Tuesday, May 27, 2008

This Is NOT a Review

I'm in the middle of an LDS novel that I think is really, really good.

I recently finished another one that I enjoyed a lot.

My daughter recently read a YA book by an LDS writer and is dying for me to read it too. I will soon.

And my husband and I have plans to read aloud a book by yet another LDS writer, whose books we've enjoyed in the past.

All four of these books are by talented people, and I wouldn't be at all surprised if all of them ended up as Whitney finalists for 2008.

But I'm not telling you the names of the books or who wrote them. There's a reason for that.

Now, as many people know, I'm hyper-opinionated. I won't just tell you if I liked or disliked something. Instead, I'm liable to go on a rant about the virtues (or lack thereof) of a particular work. I get passionate about these things. I debate. I foam at the mouth.

That kind of thing.

But this year . . . you won't be hearing any of it from me. At all. Or, at least about fiction written by Latter-day Saints. (Movies and fiction by other writers are all fair game. I may have to get loud and ranty about those just to compensate.)

See, I was thinking about posting review about the one I'm reading as soon as I finish it, but then I remembered: I can't.

The reason is that I have the privilege of serving on the Whitney Awards committee for 2008. I get to read a ton of novels by LDS writers this year and judge in two categories as well as help select the novels that will be up for Best Novel and Best Novel by a New Author.

That's the terrific part about being on the committee. (For those wondering, I'm willing and able to be part of the committee because my next novel, Tower of Strength, won't be released until 2009.)

Keeping my opinions to myself might just be torturous for someone with as big a mouth as I have. On the other hand, I will get to voice them with the other committee members. That's some consolation. (Poor souls have no idea what they're in for.)

I encourage readers to nominate books they think are deserving of a Whitney and to tell others to do the same. Broadcast the news far and wide! The program is there to recognize quality fiction produced by LDS writers and to help the entire cannon improve and grow. The only way to do that is to get the best books nominated, and that takes the readers.

Visit the Whitney site at the link above to submit a book for consideration. Don't assume your favorite is a shoo-in. You never know.

In the meantime, I'll be tying my tongue into a knot.

Wednesday, May 21, 2008

David vs. David

I don't think I've ever, ever, blogged about American Idol, even though my hubby and I have watched it religiously from the very first year. (Thank you, TiVo. That's how we do it: back when we had toddlers and babies under foot, we'd get them to bed and then have some time alone with Simon and company.)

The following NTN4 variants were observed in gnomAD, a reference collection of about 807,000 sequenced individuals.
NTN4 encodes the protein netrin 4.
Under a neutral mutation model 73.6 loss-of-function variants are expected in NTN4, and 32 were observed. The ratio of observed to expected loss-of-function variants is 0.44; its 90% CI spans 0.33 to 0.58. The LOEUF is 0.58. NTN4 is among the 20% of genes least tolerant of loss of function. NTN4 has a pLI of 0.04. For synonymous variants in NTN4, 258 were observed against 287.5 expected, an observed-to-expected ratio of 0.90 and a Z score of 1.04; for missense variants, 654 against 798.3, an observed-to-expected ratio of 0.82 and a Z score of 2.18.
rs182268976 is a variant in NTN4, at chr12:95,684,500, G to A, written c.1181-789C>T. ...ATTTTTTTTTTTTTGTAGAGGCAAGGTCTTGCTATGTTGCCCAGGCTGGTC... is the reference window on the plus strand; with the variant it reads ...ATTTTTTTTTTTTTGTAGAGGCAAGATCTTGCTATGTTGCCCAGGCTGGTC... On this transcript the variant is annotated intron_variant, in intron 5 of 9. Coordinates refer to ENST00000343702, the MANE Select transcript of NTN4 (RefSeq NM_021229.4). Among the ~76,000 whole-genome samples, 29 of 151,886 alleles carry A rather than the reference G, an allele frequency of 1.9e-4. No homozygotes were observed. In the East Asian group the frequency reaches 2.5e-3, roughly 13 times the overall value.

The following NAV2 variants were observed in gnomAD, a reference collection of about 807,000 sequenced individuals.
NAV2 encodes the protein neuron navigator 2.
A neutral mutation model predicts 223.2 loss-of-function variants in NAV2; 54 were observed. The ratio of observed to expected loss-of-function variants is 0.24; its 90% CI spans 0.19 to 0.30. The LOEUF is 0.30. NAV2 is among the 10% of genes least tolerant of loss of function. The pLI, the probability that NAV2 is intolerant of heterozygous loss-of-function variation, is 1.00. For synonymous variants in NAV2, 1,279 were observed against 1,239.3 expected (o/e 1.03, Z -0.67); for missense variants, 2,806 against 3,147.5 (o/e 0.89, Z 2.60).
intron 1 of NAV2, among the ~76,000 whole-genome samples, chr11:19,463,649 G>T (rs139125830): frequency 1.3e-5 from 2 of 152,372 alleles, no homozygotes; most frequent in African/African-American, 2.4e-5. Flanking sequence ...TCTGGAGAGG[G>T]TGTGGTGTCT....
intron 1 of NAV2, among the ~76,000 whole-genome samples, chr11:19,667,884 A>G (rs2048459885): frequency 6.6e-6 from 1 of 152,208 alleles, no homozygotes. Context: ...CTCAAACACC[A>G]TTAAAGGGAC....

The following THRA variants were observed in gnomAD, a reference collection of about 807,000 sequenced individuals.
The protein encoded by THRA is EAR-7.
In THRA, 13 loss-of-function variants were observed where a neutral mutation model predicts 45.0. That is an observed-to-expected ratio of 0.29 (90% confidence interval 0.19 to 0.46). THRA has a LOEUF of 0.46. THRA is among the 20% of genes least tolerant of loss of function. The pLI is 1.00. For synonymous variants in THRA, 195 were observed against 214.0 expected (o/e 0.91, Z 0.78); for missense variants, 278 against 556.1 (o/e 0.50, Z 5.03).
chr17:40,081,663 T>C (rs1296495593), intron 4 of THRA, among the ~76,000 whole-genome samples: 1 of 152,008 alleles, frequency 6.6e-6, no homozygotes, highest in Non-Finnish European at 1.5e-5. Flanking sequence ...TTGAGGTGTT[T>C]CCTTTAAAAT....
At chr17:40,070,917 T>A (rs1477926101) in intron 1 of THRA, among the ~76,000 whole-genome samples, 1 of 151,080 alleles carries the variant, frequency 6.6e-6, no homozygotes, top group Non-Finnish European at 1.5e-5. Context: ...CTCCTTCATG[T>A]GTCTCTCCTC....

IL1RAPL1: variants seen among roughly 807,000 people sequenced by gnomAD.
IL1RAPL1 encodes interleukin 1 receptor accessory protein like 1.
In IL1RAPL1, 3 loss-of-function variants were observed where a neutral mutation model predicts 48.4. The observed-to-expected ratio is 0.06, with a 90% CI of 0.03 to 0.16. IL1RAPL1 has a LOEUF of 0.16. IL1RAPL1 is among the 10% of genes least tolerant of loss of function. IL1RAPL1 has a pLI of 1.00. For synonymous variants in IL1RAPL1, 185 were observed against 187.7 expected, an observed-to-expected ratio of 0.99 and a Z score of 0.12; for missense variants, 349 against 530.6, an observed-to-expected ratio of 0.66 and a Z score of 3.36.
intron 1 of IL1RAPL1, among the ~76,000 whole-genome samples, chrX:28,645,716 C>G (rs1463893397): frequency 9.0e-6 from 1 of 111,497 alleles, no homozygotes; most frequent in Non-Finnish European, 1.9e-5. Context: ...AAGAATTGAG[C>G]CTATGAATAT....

However, I'm writing about it today because the final performance night yesterday got me riled up. That and I won't be able to watch the results live tonight, so I'm giving fair warning: if anyone spills the beans, I'll hunt them down. Don't tell me.

But I think I already know who will win. If pure talent were to take it, it would be David Cook. (Two of my girls spent a good hour last night voting for him repeatedly.) But I'm betting it'll be the other David instead, because Cook's got a couple of big things going against him:

1) He lacks the "he's so cute!" preteen girl vote,
2) he didn't play to his strengths last night, and
3) cutie-pie Archuleta did.

Sure, during the rest of the competition, shake things up, take risks. But on the FINALE? Play to your strengths, man! Cook's a rocker. He's got an awesome edge. Did he show any of that last night? No.

While I really enjoyed all three of Cook's performances (I was jammin' out to his rendition of a U2 classic), Archuleta hit the stage to win it. He saw the night for what it was: not just another week of the show, but his last and final chance to show off his strengths and get the votes.

Every one of Cook's songs would have done him well on any other week of the competition. The guy's dang talented and never once ended up in the bottom three, but on finale night, that's not enough; you have to be unbeatable. THE BEST. And he could have been the best last night. He HAS been the best before. But not last night.

Ah, well. I was hoping a rocker would win it finally. (Both Bo Bice and Chris Daughtry really deserved to go farther than they did.) Even when (Okay, okay, IF. We don't know yet) Archuleta takes the title, Cook will have a fantastic career ahead of him. I just wish he could also lay claim to the win, because over the last several months, he's proven that he's the greater talent.

He just didn't show that last night, more's the pity.